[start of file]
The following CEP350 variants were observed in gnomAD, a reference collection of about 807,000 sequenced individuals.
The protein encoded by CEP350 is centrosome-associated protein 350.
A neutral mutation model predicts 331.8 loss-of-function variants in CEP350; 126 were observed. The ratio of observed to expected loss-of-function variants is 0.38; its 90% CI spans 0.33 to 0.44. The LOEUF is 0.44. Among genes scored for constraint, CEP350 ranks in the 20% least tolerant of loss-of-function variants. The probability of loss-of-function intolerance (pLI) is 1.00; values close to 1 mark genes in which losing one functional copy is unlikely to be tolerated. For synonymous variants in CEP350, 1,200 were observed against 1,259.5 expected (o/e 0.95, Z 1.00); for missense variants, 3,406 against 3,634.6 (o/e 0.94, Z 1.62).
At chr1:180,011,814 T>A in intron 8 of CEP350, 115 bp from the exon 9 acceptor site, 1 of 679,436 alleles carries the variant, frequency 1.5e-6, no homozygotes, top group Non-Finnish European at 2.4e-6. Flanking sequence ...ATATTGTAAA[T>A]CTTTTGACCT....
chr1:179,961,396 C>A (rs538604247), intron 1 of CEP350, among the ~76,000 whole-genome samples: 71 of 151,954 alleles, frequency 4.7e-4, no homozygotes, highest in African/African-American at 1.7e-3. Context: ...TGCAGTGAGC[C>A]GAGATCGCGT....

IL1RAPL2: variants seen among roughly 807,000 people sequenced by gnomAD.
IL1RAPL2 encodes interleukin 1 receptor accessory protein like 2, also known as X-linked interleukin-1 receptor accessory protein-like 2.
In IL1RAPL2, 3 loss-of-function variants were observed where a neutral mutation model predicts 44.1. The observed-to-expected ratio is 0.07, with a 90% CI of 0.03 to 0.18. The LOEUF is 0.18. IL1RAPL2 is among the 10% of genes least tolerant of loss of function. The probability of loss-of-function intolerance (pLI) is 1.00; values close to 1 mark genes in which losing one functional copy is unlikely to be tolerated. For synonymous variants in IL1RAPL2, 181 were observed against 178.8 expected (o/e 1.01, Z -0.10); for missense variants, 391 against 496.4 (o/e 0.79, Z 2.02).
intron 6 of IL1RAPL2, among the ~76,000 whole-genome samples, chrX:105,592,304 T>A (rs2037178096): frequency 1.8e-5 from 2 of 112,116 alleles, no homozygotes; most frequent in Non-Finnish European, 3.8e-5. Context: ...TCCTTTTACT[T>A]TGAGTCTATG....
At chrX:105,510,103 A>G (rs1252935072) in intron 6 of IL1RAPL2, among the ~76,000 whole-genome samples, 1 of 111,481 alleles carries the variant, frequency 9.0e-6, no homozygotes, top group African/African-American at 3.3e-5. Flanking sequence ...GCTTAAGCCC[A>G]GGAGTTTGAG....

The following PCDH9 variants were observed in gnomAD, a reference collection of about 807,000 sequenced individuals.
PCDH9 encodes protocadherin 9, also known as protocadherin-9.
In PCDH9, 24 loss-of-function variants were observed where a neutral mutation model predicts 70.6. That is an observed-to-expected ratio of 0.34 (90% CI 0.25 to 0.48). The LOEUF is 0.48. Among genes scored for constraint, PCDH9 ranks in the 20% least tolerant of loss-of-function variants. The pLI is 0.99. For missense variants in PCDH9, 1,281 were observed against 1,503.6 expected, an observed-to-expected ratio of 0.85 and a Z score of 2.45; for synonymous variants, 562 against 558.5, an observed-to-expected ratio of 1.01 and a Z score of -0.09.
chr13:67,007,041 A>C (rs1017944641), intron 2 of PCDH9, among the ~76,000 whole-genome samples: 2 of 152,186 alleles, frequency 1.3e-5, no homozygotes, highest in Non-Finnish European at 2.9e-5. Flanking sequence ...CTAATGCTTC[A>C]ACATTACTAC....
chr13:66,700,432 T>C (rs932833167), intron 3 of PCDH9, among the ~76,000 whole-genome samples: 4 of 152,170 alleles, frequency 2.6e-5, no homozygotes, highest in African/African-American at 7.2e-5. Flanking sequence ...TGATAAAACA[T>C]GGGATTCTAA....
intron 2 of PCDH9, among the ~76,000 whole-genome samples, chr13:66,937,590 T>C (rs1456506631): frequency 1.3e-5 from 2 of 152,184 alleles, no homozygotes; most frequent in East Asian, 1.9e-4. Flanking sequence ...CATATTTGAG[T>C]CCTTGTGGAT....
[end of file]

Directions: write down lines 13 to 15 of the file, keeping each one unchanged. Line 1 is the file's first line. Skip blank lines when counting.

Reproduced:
In PCDH9, 24 loss-of-function variants were observed where a neutral mutation model predicts 70.6. That is an observed-to-expected ratio of 0.34 (90% CI 0.25 to 0.48). The LOEUF is 0.48. Among genes scored for constraint, PCDH9 ranks in the 20% least tolerant of loss-of-function variants. The pLI is 0.99. For missense variants in PCDH9, 1,281 were observed against 1,503.6 expected, an observed-to-expected ratio of 0.85 and a Z score of 2.45; for synonymous variants, 562 against 558.5, an observed-to-expected ratio of 1.01 and a Z score of -0.09.
chr13:67,007,041 A>C (rs1017944641), intron 2 of PCDH9, among the ~76,000 whole-genome samples: 2 of 152,186 alleles, frequency 1.3e-5, no homozygotes, highest in Non-Finnish European at 2.9e-5. Flanking sequence ...CTAATGCTTC[A>C]ACATTACTAC....
chr13:66,700,432 T>C (rs932833167), intron 3 of PCDH9, among the ~76,000 whole-genome samples: 4 of 152,170 alleles, frequency 2.6e-5, no homozygotes, highest in African/African-American at 7.2e-5. Flanking sequence ...TGATAAAACA[T>C]GGGATTCTAA....